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  • Marlena Frank

Writer Wednesday: No Time to Write?

One of the main problems I hear from aspiring authors is they don’t have the time to write. Their lives are too busy, it’s difficult to schedule it around the kids or around a full-time job, or both. It’s taken me a long time to figure out how to schedule it in my own life, and how to keep at it. Here are a few tips I’ve gathered from others or tried on my own over the years.

This isn’t just a Twitter hashtag. These are people who find the motivation to wake up just an hour or two before they need to go to work and get the words in. Writing right after you wake up is a really good idea too. It’s easier to get your creativity out then, and to tap into that sleepy dream-state that you just woke from to pull out ideas. Professional authors actually hack this too. If they have an upcoming deadline, they’ll nap for a few hours, then wake up and hit the keyboard again. In a little while when their motivation is slipping, they’ll do it again. I obviously don’t recommend this tactic unless you absolutely need to because it wrecks havoc on your sleeping pattern, but it’s a good indication of how effective writing on waking up can be.

2. Hire a babysitter (for dedicated writing time)

I listen to The Outer Dark podcast a lot during my commute, and it’s interesting to pick up on the tips and tricks other authors use. One mother said she was having trouble writing around her kids in the evening, so she hired a babysitter, and dedicated that time to writing. Ultimately she started treating her writing as a job, so having the sitter was important to her work. It was very effective. Even though she could only afford a sitter for a couple of hours a week, she was amazed at her productivity when she sat down to write. Her non-writing time was spent collecting ideas and making plans for what to do when she got her precious writing time. When she sat down, the words just flowed.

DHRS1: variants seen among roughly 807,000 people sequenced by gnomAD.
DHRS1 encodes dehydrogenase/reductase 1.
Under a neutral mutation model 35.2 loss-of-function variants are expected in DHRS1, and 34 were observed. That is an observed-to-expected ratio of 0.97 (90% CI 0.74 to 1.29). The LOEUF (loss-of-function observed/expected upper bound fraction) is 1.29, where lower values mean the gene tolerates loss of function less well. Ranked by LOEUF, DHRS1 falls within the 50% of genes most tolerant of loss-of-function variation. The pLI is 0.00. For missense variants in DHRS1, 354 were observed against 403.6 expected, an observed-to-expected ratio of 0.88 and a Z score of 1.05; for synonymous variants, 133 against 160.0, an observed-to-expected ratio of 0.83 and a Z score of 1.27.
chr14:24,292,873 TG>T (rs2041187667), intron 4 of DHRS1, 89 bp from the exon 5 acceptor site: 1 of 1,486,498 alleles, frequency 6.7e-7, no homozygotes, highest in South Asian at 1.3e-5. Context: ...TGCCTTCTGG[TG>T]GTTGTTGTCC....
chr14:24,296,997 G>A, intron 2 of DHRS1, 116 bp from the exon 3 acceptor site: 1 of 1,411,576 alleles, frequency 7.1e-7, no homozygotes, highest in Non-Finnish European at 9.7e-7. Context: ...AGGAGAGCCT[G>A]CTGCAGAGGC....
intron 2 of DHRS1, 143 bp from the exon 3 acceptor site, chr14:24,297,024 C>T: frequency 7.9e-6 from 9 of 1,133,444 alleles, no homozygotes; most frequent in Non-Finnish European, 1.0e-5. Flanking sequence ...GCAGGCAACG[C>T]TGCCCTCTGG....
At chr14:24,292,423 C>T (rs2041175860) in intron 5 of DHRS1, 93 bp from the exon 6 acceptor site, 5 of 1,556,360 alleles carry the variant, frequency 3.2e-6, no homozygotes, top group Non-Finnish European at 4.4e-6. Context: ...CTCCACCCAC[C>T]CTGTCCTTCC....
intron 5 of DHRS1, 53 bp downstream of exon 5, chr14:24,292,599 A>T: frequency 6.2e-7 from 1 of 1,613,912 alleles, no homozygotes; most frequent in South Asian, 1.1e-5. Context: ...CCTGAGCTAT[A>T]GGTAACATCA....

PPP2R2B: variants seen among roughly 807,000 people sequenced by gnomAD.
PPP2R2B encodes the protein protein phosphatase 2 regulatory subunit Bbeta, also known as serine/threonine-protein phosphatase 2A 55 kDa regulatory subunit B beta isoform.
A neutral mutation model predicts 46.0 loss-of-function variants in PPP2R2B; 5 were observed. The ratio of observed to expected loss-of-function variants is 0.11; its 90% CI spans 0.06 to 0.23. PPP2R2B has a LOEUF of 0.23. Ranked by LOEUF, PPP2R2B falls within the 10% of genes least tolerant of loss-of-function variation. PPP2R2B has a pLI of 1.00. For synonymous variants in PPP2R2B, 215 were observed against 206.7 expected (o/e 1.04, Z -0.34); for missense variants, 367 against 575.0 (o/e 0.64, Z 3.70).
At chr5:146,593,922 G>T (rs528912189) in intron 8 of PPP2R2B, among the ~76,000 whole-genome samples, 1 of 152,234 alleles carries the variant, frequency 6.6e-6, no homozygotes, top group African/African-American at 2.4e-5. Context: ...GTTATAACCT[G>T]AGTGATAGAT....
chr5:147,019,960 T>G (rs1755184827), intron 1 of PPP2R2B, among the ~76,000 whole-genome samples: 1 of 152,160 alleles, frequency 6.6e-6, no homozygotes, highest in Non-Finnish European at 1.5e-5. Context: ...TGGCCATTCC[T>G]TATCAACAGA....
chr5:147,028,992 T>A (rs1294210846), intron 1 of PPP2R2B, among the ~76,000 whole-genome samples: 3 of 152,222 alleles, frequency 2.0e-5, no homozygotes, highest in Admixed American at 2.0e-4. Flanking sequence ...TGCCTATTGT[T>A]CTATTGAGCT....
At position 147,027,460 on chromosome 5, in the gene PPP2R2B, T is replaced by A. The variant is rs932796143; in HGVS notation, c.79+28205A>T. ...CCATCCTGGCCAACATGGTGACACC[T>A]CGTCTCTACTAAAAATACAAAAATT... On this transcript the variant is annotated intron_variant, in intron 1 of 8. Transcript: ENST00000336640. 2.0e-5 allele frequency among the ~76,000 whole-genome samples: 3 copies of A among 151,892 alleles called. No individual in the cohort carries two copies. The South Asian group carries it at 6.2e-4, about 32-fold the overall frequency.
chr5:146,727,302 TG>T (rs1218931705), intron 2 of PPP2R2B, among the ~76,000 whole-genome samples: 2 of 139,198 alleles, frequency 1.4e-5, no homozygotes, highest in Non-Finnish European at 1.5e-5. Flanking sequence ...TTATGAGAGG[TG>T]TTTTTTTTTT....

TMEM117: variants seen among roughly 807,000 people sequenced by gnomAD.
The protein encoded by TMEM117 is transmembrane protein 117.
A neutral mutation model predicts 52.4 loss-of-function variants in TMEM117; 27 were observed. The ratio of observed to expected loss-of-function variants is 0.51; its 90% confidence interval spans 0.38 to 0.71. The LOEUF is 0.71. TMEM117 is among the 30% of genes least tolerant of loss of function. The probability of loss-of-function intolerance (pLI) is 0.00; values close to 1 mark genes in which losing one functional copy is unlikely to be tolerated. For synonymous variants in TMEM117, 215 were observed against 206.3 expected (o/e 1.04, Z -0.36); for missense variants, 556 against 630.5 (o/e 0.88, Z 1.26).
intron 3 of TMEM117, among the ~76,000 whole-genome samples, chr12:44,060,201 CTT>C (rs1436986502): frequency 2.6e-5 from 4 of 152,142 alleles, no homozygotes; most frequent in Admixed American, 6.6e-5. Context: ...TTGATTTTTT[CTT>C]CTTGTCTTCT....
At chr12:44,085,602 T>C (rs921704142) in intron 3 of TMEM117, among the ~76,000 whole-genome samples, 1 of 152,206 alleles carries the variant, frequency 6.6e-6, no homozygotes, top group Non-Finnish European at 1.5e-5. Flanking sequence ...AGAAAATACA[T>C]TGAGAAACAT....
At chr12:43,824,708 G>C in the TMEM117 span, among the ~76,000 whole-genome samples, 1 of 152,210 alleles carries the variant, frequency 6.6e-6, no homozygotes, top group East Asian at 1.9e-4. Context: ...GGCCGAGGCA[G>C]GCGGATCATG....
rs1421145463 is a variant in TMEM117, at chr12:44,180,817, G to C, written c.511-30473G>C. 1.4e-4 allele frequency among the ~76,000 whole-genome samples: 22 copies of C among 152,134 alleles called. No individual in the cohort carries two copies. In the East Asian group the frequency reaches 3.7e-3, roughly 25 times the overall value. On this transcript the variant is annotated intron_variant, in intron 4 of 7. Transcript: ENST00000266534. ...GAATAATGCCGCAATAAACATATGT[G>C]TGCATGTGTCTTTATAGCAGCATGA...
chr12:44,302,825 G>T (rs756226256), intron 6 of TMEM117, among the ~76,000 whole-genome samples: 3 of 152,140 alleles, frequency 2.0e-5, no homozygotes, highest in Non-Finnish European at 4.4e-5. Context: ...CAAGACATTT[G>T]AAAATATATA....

3. NaNoWriMo / Camp NaNoWriMo

Nothing works better to motivate me than having a deadline. The classic NaNoWriMo consists of writing 50,000 words in November, which can be quite daunting when you barely have the time to write! Although that’s how I got introduced to it, I typically participate in November as a rebel, choosing my own wordcount goals and sometimes using it for motivation to get through edits instead of writing. However during Camp NaNoWriMo you can set your own wordcount goal for the month. These happen in both April and June, which typically are a lot less hectic than the holidays. You can get sorted into cabins if you wish, for your own genre, maybe your own age group, or even for your wordcount goal. It’s got motivation built-in from the start! It’s free to sign up, so why not give it a try?

4. Typetrigger

Dealing with writer’s block and having trouble just getting the words out? I’ve found Typetrigger to be very helpful. Four times a day, a prompt is given to write about, and you write whatever you want. It can be anything: a scene, a bit of dialogue, a short poem, a song, or even a rant about something in your day. The only requirement is that it has to be 300 words or less. Then you tag it with what you want and send it off. When I was leaning heavily on this to get back into writing a few years back, I would sit eagerly waiting for the prompt to refresh, excited to see what image would come to mind, or how I could do something different from my old prompts. It only takes a few minutes out of your day, and it really helps get your brain to spill out words again!

Whatever method you plan to use to find the time to write, all that matters is that you write. Your story will never get written if you don’t. Believe in yourself and in your story. Figure out what holds you back, and find ways to work around it.

Good luck, future author!

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